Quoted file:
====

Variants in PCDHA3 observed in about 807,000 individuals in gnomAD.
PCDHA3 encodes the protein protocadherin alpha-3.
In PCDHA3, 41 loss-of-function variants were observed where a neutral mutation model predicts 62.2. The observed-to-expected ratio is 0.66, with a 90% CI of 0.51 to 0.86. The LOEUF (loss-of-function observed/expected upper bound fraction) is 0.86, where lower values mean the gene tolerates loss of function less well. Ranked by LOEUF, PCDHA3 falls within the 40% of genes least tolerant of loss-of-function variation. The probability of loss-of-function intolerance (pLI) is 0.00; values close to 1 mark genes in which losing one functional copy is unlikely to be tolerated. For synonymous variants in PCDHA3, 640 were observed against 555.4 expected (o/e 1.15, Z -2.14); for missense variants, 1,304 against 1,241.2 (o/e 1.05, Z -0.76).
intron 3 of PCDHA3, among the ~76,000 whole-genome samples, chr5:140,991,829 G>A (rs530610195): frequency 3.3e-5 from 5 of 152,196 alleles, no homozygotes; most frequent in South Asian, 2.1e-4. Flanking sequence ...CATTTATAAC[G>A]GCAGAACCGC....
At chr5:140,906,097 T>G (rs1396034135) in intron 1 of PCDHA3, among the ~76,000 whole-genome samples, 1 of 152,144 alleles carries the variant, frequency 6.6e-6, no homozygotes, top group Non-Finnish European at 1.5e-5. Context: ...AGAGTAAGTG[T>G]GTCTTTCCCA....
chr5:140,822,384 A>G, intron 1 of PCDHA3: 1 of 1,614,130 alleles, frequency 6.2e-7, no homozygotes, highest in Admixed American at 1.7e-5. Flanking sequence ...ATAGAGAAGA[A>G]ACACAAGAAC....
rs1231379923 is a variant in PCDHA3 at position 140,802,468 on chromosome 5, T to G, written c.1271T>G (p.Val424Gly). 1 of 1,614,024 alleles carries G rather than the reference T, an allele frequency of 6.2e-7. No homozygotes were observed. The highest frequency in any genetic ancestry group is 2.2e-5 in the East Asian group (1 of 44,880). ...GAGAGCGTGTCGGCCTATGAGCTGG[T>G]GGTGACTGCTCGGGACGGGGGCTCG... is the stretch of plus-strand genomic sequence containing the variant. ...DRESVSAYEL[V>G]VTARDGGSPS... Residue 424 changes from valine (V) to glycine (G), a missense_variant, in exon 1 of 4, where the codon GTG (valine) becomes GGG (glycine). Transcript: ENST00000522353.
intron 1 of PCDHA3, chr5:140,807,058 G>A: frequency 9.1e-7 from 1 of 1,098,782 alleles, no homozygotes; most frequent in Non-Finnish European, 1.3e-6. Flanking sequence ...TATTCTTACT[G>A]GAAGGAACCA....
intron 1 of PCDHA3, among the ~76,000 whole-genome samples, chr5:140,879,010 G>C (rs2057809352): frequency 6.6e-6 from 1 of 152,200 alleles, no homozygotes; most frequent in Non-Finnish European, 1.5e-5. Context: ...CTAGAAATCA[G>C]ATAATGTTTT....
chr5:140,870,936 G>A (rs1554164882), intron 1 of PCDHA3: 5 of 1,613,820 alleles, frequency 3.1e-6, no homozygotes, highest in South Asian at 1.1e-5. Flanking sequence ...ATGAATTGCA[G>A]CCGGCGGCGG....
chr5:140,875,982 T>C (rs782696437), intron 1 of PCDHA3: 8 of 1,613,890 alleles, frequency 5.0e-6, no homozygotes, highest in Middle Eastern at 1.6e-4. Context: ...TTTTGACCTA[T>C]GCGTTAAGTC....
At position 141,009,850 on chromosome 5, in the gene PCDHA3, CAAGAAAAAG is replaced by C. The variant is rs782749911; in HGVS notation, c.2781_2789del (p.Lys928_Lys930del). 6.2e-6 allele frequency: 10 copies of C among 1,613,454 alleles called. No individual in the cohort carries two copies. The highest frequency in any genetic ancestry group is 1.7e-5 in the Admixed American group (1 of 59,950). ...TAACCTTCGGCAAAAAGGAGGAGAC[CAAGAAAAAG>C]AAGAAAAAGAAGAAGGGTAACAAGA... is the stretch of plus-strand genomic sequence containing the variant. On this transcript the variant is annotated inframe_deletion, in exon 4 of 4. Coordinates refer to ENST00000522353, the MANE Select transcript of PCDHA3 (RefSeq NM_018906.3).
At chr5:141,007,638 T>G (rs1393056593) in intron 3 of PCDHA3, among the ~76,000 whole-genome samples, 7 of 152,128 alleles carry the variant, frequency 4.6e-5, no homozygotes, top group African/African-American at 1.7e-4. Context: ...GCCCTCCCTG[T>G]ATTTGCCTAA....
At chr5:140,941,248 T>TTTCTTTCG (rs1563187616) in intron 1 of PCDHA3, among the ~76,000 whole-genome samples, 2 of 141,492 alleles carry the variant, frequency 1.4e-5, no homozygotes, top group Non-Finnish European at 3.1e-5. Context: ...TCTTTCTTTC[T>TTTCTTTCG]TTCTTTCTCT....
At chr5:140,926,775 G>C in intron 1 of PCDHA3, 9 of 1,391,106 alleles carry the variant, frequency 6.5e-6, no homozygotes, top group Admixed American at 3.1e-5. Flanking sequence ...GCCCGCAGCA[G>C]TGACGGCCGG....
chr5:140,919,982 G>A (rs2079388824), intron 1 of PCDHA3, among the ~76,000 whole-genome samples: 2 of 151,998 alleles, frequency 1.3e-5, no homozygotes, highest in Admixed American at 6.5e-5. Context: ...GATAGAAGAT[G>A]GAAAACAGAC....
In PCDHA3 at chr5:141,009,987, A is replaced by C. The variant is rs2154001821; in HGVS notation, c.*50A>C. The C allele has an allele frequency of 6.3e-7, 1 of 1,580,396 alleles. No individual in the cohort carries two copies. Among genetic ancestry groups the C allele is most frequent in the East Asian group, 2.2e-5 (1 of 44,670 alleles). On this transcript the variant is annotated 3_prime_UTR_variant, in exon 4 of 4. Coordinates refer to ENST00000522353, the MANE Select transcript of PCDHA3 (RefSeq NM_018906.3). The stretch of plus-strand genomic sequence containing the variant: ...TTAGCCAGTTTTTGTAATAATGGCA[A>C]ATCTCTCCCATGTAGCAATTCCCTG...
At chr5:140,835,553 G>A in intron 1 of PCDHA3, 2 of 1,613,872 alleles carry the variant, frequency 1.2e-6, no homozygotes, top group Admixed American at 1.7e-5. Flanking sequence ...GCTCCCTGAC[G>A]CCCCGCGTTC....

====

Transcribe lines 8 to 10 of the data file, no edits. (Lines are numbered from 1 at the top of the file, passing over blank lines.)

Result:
intron 1 of PCDHA3, chr5:140,807,058 G>A: frequency 9.1e-7 from 1 of 1,098,782 alleles, no homozygotes; most frequent in Non-Finnish European, 1.3e-6. Flanking sequence ...TATTCTTACT[G>A]GAAGGAACCA....
intron 1 of PCDHA3, among the ~76,000 whole-genome samples, chr5:140,879,010 G>C (rs2057809352): frequency 6.6e-6 from 1 of 152,200 alleles, no homozygotes; most frequent in Non-Finnish European, 1.5e-5. Context: ...CTAGAAATCA[G>C]ATAATGTTTT....
chr5:140,870,936 G>A (rs1554164882), intron 1 of PCDHA3: 5 of 1,613,820 alleles, frequency 3.1e-6, no homozygotes, highest in South Asian at 1.1e-5. Flanking sequence ...ATGAATTGCA[G>A]CCGGCGGCGG....